Updated: Apr 29, 2020
We are a dog-loving town with ample wide open spaces to romp in and over 900 pooches registered with Central Otago District Council.
Open spaces, wonderful as they are, can however be very challenging off-lead particularly with so many rabbits, lots of dog friends sharing the space, traffic, cyclists and other distractions.
Raewyn Chatfield's vision for a fenced, purpose-built, environmentally-friendly park, she believes, would give dog owners somewhere to let their charges off the lead to safely gallivant, while learning essential social skills.
Dog parks are popular in most cities and big towns around the country and also serve as a relaxed and friendly meeting space where dog owners can chat, swap ideas, host clinics and learn from each other.
Above: Raewyn Chatfield and Grace
When we met Raewyn in mid-2019 she was a little worn down by efforts to get the idea out, gain supporters and figure out where to start. Our then-Community Facilitator George Affleck administered advice, encouragement, direction and even the odd hug and the Cromwell Dog Park Committee was created. The group began research and met with CODC.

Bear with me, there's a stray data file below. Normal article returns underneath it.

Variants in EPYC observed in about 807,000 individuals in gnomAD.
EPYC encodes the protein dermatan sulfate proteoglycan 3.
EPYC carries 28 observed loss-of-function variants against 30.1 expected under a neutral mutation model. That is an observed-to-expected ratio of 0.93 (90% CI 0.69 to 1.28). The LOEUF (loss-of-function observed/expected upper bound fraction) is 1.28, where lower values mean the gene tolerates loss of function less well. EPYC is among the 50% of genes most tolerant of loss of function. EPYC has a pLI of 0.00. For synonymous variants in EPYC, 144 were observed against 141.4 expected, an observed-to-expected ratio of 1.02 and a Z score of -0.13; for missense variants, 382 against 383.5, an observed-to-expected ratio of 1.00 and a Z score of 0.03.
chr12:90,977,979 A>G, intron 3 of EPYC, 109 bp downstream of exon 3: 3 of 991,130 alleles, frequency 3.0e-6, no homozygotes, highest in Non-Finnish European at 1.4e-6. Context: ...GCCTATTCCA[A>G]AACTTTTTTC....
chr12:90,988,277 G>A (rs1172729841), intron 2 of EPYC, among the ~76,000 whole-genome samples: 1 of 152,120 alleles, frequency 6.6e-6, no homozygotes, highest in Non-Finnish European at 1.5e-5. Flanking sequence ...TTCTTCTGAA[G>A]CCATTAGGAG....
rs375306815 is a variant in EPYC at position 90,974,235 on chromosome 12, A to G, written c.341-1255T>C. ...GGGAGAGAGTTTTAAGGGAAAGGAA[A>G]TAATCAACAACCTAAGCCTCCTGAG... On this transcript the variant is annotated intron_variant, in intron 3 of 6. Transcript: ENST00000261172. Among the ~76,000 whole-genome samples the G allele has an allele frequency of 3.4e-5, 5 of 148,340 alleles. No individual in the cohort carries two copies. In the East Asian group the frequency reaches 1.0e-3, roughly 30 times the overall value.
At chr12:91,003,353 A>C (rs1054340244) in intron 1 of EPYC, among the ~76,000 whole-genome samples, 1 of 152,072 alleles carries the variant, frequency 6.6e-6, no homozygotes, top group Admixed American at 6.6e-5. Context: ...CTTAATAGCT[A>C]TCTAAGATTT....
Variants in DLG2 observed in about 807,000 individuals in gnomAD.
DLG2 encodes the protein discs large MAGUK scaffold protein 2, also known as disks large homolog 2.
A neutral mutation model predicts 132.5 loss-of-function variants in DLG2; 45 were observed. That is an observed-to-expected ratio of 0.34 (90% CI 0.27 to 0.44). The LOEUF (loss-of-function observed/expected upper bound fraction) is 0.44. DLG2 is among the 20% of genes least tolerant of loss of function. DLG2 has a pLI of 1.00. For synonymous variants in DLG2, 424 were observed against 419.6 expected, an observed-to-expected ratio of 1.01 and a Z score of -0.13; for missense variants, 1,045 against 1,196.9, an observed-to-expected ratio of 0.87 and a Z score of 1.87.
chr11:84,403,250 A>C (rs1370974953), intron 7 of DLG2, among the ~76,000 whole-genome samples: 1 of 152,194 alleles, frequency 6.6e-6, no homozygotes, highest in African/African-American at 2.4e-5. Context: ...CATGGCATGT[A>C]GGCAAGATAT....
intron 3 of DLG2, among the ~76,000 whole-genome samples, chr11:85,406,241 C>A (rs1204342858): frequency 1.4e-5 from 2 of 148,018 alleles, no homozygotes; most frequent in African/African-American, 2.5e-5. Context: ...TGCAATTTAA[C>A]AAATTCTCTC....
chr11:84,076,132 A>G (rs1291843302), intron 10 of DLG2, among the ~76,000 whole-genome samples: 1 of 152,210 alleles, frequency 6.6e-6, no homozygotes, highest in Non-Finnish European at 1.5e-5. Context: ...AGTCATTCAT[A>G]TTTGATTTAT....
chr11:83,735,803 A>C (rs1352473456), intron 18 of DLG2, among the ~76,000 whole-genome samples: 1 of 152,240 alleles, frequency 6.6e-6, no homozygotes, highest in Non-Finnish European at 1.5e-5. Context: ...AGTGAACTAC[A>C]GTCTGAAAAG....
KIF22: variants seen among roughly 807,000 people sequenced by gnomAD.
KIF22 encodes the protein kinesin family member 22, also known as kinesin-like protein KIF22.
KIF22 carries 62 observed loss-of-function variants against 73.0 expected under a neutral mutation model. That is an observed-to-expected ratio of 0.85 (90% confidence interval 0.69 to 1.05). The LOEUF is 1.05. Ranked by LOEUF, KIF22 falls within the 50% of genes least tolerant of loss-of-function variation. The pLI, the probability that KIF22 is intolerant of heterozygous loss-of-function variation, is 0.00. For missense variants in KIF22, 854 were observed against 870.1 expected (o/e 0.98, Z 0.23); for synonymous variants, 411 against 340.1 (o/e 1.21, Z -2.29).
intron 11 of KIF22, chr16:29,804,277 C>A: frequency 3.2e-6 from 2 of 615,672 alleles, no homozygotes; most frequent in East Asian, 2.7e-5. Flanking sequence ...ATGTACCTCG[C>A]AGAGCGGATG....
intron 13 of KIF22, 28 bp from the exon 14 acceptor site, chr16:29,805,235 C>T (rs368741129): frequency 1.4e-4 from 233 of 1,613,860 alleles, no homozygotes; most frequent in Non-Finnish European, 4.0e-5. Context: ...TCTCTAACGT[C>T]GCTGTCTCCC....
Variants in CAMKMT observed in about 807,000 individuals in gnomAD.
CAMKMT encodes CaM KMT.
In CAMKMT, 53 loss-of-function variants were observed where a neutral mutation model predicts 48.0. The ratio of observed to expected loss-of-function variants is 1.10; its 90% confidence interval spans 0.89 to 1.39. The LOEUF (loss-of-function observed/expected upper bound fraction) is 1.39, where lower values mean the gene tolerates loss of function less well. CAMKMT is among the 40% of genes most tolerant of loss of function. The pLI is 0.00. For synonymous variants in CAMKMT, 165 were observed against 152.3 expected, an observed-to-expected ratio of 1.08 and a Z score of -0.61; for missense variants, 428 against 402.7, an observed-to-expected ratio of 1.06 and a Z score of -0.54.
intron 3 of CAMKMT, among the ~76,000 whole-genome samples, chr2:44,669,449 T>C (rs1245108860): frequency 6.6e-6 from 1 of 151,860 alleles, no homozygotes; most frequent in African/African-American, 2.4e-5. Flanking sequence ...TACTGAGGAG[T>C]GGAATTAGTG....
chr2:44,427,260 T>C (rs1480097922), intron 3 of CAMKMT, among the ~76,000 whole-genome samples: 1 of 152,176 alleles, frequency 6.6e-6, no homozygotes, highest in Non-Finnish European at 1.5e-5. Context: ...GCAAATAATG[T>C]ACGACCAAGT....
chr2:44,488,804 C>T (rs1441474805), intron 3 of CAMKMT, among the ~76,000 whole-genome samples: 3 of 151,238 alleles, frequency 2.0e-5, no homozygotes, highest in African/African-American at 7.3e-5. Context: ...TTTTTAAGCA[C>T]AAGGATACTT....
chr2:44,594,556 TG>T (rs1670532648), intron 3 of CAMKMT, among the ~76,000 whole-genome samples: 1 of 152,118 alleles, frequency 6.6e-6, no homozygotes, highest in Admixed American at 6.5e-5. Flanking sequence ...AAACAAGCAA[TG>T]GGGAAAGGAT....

People came and went off the committee but a keen core remained steady. They undertook a survey, from a table outside New World Supermarket in October 2019, to see if the wider community supported the idea. Assisted by their fur-babies they gathered over 700 signatures of support and good feedback on possible locations and features of the park.
Bouyed by the support work went on and Lee Webster, CODC Service Manager began the necessary process to see about changing policy and bylaws to allow dog parks to potentially exist in Central Otago. Part of this work involved the council's own survey "Paws for Thought' being circulated throughout the region. This covered all things dog-related such as registration fees and exercise areas too.
The results published in February 2020 showed a resounding 73% in favour of dog parks being permitted in Central.
The journey has a long way to go. Council was scheduled(pre-pandemic) to look at the proposed changes this winter then, if approved, the real work would then start on planning, serious financial investigations and more community consultation.
There have been ups and downs... a committee meeting where only one person turned up, a photo shoot where the dogs were all having a bad fur-day and just wanted to bite each other. But quietly-spoken Raewyn is a determined character and has good support from Chairperson Chris Bardwell, committee menbers Tracey Dowling, Mark Mexted and others.